A couple of days after leaving the hall after the Ivo Pogorelich recital at the Edinburgh International Festival, my head is still spinning. How to make sense of an array of responses—on the one hand, horror, disappointment, indifference; on the other, sheer enchantment and intoxication?
Prior to the performance it was the programme that intrigued me. Pogorelich's evidently well-earned reputation for idiosyncrasy had dissuaded me from paying him attention, and I admit that I was expecting (with a measure of dread) some fey rubatista to turn up on stage. Instead, a tall man with closely-cropped hair, neither as slim as Richter nor as broad-shouldered as Donohoe, noticeably long-fingered, immaculately dressed in full tails, sat at the piano and proceeded to confound my expectations entirely.
Fey? Certainly not. Rubatista? What Pogorelich does is beyond rubato, and trying to figure out just what it is that he does will take some work. What was immediately striking, as he started into a glistening, mellifluous reading of the Chopin Nocturne, was a profound stillness of body. Nothing, absolutely nothing superfluous in the way of gesture, just an occasional lean into a chord near a fermata. And when he reached the conclusion, while the audience applauded, his first concern was to remove the score and replace it with the next one, only then turning, rising and taking a modest bow, seemingly anxious only to return the stool and resume the performance.
During the B minor sonata, his tremendous command of dynamic range, together with exquisite shading and grading of phrases and internal lines started to rub up against the realization that he seemed intent on systematically denying the listener any ordinary joy in the resolution of expectation—quite the opposite to the conventional rubato that seeks to linger and enhance the joy. Then it dawned that the motionlessness, the absence of flamboyance, accompanied a denial of intersubjectivity beyond the mere projection of seriousness, which started me thinking: what is the nature of the transaction in a recital? Something other than the ordinary relationship between grateful audience and gratified host seemed to be happening.
Almost the entire repertoire of solo piano music, after all, is the work of composers who played the instrument, something that perhaps makes the rhetorical content a little more personal, more like lyric poetry than, say, the making of a speech. Is the interpreter, then, to read aloud in good English, as it were? Or rather be more proactive, adopting Auden's ambivalent phrase about the way 'The words of a dead man/ Are modified in the guts of the living', examining every word and phrase for undisclosed meaning?
These thoughts became more focused during Pogorelich's reading of the first Mephisto Waltz of Liszt. From the outset, the vibrant thrum of the dance master tuning his violin was strangely skewed: there was an abundant sense of vitality, but not of dance. The denial of intersubjectivity, here, amounting to a full-force resistance against the desire for visceral engagement with the innate motor rhythms of the waltz. In its place Pogorelich offered deep meditation, most notably in the central section, performed at an extraordinarily slow tempo. It put me in mind of the 'chopped and screwed' work of rap DJ Robert Earl Davis. Davis' trademark was to slow down tracks before sampling and remixing, creating an effect that reputedly recreated the narcotic effect of the drugs (prescription cough syrup being the key ingredient) consumed during the production process. It is also an effect that good poets create when reading their work in public (an effect that requires a live audience to achieve), when terms like 'enchanting' or 'spell-binding' substitute for 'narcotic'—somehow these seem appropriate terms for the Mephistophelian craft the music celebrates.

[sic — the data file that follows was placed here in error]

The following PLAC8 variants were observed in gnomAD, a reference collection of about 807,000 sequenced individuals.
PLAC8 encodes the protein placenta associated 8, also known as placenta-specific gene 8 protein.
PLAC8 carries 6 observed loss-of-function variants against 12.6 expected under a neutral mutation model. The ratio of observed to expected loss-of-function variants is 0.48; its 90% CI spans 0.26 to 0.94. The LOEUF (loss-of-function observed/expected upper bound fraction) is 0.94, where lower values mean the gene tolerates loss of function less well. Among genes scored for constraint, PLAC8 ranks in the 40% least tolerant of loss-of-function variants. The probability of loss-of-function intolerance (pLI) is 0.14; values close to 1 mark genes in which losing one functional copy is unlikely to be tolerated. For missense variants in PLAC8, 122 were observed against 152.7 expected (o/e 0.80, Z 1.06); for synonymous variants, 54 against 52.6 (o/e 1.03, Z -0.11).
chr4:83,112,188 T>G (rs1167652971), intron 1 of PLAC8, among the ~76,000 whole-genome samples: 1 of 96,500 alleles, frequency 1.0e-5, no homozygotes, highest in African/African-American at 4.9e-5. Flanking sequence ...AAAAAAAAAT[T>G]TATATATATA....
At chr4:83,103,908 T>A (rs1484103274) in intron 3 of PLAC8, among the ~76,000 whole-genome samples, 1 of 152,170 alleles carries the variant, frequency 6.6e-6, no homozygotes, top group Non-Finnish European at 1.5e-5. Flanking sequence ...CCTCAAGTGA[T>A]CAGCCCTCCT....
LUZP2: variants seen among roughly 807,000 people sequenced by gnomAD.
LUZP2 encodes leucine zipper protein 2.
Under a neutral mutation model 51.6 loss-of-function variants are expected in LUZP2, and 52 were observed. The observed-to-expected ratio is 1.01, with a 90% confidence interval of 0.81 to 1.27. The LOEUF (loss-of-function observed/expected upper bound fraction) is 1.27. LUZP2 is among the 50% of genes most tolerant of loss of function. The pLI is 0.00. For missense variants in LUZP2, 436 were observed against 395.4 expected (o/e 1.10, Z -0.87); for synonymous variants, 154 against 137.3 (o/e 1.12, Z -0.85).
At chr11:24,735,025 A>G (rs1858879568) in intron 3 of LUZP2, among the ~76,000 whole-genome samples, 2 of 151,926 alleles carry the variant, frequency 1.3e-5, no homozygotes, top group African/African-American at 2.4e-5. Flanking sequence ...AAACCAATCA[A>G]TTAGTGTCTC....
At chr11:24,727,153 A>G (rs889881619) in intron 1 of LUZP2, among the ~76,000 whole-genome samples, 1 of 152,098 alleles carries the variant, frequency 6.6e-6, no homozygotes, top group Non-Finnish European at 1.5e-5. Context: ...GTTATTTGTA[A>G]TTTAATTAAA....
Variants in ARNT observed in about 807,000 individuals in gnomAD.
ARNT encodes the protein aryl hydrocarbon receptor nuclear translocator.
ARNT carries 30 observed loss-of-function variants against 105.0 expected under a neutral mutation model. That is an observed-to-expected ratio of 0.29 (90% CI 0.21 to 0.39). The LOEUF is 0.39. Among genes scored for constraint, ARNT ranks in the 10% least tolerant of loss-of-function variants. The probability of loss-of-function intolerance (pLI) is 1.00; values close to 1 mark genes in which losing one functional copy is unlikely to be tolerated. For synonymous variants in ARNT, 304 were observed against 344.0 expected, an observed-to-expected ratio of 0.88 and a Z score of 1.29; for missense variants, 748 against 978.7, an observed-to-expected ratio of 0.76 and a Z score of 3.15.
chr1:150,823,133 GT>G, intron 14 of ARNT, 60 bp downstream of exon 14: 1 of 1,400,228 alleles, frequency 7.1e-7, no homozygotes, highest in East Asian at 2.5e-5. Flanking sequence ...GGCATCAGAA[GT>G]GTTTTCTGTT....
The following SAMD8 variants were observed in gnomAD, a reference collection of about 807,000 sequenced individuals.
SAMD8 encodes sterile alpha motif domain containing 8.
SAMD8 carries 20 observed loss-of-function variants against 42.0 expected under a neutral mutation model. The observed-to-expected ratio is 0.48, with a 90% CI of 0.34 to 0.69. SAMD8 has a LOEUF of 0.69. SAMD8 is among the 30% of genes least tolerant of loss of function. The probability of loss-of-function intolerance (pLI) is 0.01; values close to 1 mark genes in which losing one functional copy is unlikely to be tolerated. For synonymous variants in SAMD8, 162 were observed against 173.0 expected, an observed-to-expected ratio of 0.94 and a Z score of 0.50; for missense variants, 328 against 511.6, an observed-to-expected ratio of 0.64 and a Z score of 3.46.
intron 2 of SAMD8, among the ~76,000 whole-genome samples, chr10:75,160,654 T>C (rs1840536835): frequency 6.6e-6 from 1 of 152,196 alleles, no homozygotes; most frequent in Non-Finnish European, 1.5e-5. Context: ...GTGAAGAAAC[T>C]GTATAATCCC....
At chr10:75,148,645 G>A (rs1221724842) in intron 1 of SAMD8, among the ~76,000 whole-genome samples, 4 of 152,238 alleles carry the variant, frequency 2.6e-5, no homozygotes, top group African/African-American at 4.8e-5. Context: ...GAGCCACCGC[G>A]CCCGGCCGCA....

Similarly with the Valse Triste of Sibelius, a familiar work in an unfamiliar context. Being accustomed to the sweet, wistful lilt of Karajan's rubato in his celebrated orchestral interpretation, one might have felt it too trivial a work for Pogorelich, but, deconstructing again, this performance was virtually all 'triste', and virtually no 'valse'—though 'triste' barely scratches the surface of the haunted complexity his reading yielded.
By now, I was anticipating Le Gibet with relish. Amusingly, Roger Nichols' programme note mentioned a comment of Ravel's, that Ricardo Viñes 'had assured me that if he observed the nuances and speed I wanted, “Le gibet” would bore audiences to death'. If you've heard Ravel's own piano-roll version, Pogorelich's is slower! Slower, and deeply rich in nuance. To play at such speeds seems almost an affront in an age of impatience. Still, Le Gibet is framed by two outer movements in Gaspard de la Nuit that more than compensate: Ondine, a dazzle of surfaces and currents in Pogorelich's hands that curiously translates the Chopin nocturne into daylight, and the driving malevolence of Scarbo, echoing the mischief of Mephistopheles and rounding off the recital with a stupefying virtuoso flourish.
The end, though—the performance as a whole, in fact—reminded me strongly of last year's Istanbul Music & Sema, which straddled the worlds of ritual and performance with a similar sense of negotiation. So Pogorelich took the final applause in the same shy manner, and there was no encore.
Photo: Ivo Pogorelich
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